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View Full Version : New chemical rep. wants to change my whole chem program. With Humic acid and coron.


lazyike
08-16-2012, 09:49 PM
I talked with a new chemical rep yesterday about my chemical program. I wanted to tweak it a little bit on the fert side ( I have good weed control).

My spring mix usually consists of .75# of N. through Urea and .35# of K. through murite of potash (per 1,000 sq. ft), Hydrex, sticker, triplet, and 75wdg (in the spring).
Midsummer we will back of the urea to about .50# per 1,000

His suggestion = Spring/ fall - .50# N. through urea, .25#N. through Ammonia Sulfate, 1 gal. of Hydra-Hume (per acre) no K. their version of Hydrex and 992 w/ sticker.
Midsummer - .25# N. through urea and a product called coron @ 3.5 gallons per acre, he said with this I do not have to worry about nitrogen burn if it starts getting dry out after my apps.

I dont know what humic/fulvic acid is and dont need to spend 18.00 a gallon on snake oil if it does not work. What do you guys think of this program? I dont have the problem with spending the extra money if it will benefit's the lawns over my current program but it does almost double my tank cost.

Thanks guys,
Mike

phasthound
08-17-2012, 02:30 PM
There are many benefits to using humic & fluvic acids such as:
Increased root vitality
Improved nutrient uptake
Increased chlorophyll synthesis
Better seed germination
Increased fertilizer retention
Stimulate beneficial microbial activity
Healthier plants

As these improvements occur you should see a reduction in turf problems and some lowering of your overall costs.

RigglePLC
08-17-2012, 10:15 PM
I think you are right, Mike. I would not drop the potash. Nor would I go with half as much nitrogen. No lime, if soil tests show no need. And you need the pre-emergent. Am I correct that you mix everything together in your tank?

However, you might want to try his formula in a side by side comparison. Coran is a well-known liquid slow-release.

The idea that fertilizer burn could occur if it gets hot in the days following the treatment--is unproven--at least to me. Is anybody will to try it?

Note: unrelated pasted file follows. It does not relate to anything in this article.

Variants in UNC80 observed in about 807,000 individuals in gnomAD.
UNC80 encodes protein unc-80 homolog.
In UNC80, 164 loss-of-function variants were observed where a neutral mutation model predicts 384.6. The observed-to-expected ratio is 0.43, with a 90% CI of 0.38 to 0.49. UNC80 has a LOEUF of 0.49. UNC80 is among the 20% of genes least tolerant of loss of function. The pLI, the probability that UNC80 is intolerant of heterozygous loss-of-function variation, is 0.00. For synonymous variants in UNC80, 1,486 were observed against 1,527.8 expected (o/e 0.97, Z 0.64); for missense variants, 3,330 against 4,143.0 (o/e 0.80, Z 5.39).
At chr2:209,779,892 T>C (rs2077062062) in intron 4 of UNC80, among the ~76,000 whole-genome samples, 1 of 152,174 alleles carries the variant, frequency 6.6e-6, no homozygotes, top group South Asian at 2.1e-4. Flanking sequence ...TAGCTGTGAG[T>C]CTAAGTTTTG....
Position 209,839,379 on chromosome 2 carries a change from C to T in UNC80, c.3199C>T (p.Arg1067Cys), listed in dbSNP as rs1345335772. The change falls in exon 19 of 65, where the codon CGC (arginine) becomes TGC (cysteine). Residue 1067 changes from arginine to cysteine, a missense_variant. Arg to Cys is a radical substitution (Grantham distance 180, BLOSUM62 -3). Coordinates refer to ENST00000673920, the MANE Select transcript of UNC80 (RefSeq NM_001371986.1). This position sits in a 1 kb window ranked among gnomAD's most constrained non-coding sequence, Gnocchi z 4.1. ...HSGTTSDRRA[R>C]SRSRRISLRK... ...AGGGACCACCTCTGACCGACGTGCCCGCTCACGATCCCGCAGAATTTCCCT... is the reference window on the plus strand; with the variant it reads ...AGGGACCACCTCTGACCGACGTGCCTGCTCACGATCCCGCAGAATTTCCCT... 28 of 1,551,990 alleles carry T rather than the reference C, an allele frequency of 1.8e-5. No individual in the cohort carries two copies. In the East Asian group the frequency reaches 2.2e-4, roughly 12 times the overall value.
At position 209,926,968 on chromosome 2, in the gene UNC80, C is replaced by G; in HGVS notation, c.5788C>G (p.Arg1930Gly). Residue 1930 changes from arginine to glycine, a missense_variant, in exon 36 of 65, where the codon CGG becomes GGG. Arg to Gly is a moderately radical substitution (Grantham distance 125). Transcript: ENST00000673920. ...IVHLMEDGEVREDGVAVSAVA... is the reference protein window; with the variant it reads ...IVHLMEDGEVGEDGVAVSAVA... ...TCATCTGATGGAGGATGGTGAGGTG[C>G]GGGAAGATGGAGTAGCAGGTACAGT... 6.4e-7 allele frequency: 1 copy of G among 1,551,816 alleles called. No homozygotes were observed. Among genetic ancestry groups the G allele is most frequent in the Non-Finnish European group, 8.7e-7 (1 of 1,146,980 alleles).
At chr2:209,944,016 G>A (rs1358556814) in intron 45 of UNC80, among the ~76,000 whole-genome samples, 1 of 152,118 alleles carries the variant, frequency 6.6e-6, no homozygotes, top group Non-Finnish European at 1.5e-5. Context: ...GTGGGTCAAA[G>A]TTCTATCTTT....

Smallaxe
08-18-2012, 09:16 AM
Of course anyone who applied anything in the Midwest, between mid-June and mid-August, w/out heavy irrigation this year, shouldn't be in the business at all...

Going with a non-burning organic approach for the purpose of building the soil and the overall health of the plant, is a safe and fine thing to do for the Summer months when most grasses are simply taking a break... I like to get Milorganite down before the heat comes on, something is there and ready to go when it does rain and things do cool down again...

Duekster
08-18-2012, 09:26 AM
I would swap the AS and Urea ratios.
Look for other sources of the humates as a price check.

What about Micro's ?

lazyike
08-18-2012, 02:45 PM
Hmmm, Riggle you are correct we tank mix everything.

So what I am understanding their is some proven science that humics do benifit the lawns. I also beleive the reason for the two diffrent N. sources is because they will be taken into the grass in diffrent ways also the sulfate will be of benifit to the lawn.
When I originally talk with him I posed the question about my urea and murite of potash containing salts and if year after year is dooing more harm than good, I wos looking for an N. and K. source that did not contain salts.
I guess with everything I will just have to run with the program for awhile and see if there is an improvement.

Duekster
08-18-2012, 06:43 PM
Hmmm, Riggle you are correct we tank mix everything.

So what I am understanding their is some proven science that humics do benifit the lawns. I also beleive the reason for the two diffrent N. sources is because they will be taken into the grass in diffrent ways also the sulfate will be of benifit to the lawn.
When I originally talk with him I posed the question about my urea and murite of potash containing salts and if year after year is dooing more harm than good, I wos looking for an N. and K. source that did not contain salts.
I guess with everything I will just have to run with the program for awhile and see if there is an improvement.
Salts are a concern if you have hi clay soils. If they are also hi pH then AS is more better.

If salts are a big concern then look at growth products liquid ferts as they are technical grade with low to no salt.

Skipster
08-19-2012, 05:29 PM
First thing's first: your "chemical rep" is going to sell you whatever makes him the most money. I wouldn't trust any company rep to have your best interests at heart.

That being said, unless you're growing fine turf (like golf, where playability on a small scale matters) or you have specific pH issues, there will be no difference in the N sources. Remember, urea hydrolyzes to NH4, CO2, and H2O, while AmSulf dissociates to NH4 and SO4. They break down into the same N form before plant use.

As for N burn, it's all about salt index. N toxicity could cause similar damage, but you'll see salt burn before N toxicity. The GrowthProducts lines are no more technical grade than dissolving urea in water yourself and spraying it. But, all of their liquid ferts have at least 40% of the N coming from methylene urea, which is a complexed urea, so it has no salt index at all. It's nothing special and nothing proprietary to GP -- it's just the nature of methylene urea. You can buy many different MU products from lots of other companies.

Unless you're into using 100% organic products, you will not find N or K products without salts. Simply put, all mineral fertilizers are salts.